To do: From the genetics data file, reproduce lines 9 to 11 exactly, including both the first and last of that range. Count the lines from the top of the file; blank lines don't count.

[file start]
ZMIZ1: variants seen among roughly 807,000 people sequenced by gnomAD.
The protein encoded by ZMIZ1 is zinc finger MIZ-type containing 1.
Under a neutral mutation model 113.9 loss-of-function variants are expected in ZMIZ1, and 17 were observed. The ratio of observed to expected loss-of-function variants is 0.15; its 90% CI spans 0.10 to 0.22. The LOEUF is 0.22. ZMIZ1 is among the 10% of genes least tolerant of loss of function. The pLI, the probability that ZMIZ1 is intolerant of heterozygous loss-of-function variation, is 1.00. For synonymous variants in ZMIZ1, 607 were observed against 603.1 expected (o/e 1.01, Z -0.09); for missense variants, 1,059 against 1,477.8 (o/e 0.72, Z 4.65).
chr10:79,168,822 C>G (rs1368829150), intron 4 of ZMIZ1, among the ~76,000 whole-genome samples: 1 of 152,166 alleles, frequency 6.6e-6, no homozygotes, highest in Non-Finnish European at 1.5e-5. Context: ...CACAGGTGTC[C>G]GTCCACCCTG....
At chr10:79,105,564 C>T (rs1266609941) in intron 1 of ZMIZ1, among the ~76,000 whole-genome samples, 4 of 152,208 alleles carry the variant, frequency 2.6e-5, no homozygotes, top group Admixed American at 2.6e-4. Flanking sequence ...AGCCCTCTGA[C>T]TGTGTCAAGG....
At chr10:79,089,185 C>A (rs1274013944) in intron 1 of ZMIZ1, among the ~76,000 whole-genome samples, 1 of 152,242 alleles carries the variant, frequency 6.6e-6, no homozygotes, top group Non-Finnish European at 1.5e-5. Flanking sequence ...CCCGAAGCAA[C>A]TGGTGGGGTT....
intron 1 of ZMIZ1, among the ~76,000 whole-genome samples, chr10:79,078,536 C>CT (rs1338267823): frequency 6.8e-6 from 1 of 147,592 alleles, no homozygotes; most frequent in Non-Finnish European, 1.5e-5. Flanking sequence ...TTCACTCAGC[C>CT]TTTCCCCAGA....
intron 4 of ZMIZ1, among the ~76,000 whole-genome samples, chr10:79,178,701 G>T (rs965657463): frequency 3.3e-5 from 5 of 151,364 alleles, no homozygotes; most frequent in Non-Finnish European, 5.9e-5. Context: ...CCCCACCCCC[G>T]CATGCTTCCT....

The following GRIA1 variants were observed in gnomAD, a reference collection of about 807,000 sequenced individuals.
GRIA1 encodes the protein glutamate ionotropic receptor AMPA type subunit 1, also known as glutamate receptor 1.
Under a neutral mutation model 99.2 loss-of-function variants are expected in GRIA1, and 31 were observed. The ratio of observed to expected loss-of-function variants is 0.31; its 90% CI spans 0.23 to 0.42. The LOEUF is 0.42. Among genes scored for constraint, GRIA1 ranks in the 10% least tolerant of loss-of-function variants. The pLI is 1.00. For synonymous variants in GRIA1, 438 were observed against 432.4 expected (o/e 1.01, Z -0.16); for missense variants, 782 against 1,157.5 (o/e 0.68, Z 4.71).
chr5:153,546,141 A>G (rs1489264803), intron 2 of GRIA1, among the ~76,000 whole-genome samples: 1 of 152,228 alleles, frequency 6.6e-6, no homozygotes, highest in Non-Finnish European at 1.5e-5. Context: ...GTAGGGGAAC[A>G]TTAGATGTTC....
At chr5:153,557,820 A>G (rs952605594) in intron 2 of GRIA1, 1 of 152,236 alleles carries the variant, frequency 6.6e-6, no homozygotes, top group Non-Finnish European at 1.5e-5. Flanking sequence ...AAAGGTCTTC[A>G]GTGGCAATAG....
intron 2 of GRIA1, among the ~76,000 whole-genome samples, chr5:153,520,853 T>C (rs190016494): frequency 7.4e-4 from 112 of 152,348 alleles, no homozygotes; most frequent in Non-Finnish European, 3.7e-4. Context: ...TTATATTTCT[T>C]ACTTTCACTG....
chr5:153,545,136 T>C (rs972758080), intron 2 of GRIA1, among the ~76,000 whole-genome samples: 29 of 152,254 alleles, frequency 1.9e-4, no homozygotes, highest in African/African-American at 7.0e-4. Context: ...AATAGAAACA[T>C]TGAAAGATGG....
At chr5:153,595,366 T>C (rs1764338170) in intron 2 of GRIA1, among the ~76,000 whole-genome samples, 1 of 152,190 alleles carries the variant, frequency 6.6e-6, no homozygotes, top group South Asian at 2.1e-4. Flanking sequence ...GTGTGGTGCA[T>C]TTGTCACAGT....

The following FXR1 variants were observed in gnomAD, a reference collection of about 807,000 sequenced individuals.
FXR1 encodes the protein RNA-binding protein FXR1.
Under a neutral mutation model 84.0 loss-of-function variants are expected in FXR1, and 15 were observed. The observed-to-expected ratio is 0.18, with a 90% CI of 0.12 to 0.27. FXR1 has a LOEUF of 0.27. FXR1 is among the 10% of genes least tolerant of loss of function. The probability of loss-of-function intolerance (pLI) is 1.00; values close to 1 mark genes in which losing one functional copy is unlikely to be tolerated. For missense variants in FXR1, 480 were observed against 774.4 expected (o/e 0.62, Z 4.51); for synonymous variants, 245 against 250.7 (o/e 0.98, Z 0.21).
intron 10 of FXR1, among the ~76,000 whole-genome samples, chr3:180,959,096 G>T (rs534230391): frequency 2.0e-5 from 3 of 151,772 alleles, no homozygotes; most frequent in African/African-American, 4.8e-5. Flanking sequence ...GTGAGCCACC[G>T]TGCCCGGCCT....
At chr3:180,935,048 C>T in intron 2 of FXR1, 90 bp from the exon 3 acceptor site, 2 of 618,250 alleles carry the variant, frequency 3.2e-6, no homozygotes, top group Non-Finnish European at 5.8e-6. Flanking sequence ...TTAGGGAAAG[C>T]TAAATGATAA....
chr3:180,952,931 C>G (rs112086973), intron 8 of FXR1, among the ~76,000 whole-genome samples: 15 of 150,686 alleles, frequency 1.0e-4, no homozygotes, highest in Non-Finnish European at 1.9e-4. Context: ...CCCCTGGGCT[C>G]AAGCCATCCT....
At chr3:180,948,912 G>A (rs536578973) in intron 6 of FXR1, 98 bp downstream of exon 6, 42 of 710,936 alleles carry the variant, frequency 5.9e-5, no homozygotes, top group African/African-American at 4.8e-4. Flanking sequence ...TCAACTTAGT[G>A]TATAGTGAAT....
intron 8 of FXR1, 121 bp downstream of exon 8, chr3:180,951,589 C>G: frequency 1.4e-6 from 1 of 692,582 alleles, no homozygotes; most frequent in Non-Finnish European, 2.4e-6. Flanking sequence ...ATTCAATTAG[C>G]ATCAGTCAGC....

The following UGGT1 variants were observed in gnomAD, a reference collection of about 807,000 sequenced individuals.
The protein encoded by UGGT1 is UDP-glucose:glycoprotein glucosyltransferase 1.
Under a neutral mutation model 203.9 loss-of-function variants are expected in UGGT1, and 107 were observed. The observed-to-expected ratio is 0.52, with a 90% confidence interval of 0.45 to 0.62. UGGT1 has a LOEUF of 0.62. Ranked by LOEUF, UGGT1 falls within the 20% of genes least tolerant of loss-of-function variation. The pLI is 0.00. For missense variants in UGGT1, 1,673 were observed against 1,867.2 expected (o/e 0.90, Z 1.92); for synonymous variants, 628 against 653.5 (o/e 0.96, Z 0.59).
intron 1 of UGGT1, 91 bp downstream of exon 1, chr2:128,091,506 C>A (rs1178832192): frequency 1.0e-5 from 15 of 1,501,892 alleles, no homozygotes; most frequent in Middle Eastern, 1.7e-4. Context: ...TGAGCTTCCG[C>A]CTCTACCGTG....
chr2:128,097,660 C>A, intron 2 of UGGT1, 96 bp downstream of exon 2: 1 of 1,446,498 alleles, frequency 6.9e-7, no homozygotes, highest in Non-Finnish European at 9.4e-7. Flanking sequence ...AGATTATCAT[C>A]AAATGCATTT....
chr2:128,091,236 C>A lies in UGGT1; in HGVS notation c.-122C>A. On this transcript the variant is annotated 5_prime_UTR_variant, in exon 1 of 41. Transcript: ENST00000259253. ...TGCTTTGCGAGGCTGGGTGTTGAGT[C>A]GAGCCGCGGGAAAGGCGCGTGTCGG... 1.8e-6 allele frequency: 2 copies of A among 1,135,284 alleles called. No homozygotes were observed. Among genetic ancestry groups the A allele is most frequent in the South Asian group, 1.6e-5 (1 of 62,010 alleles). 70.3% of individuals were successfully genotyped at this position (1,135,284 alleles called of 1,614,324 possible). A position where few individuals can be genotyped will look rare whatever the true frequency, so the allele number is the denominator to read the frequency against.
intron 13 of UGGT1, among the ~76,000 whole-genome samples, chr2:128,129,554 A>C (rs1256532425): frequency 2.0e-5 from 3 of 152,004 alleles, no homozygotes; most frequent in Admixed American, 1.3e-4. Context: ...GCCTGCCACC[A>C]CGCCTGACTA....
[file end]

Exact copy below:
The following GRIA1 variants were observed in gnomAD, a reference collection of about 807,000 sequenced individuals.
GRIA1 encodes the protein glutamate ionotropic receptor AMPA type subunit 1, also known as glutamate receptor 1.
Under a neutral mutation model 99.2 loss-of-function variants are expected in GRIA1, and 31 were observed. The ratio of observed to expected loss-of-function variants is 0.31; its 90% CI spans 0.23 to 0.42. The LOEUF is 0.42. Among genes scored for constraint, GRIA1 ranks in the 10% least tolerant of loss-of-function variants. The pLI is 1.00. For synonymous variants in GRIA1, 438 were observed against 432.4 expected (o/e 1.01, Z -0.16); for missense variants, 782 against 1,157.5 (o/e 0.68, Z 4.71).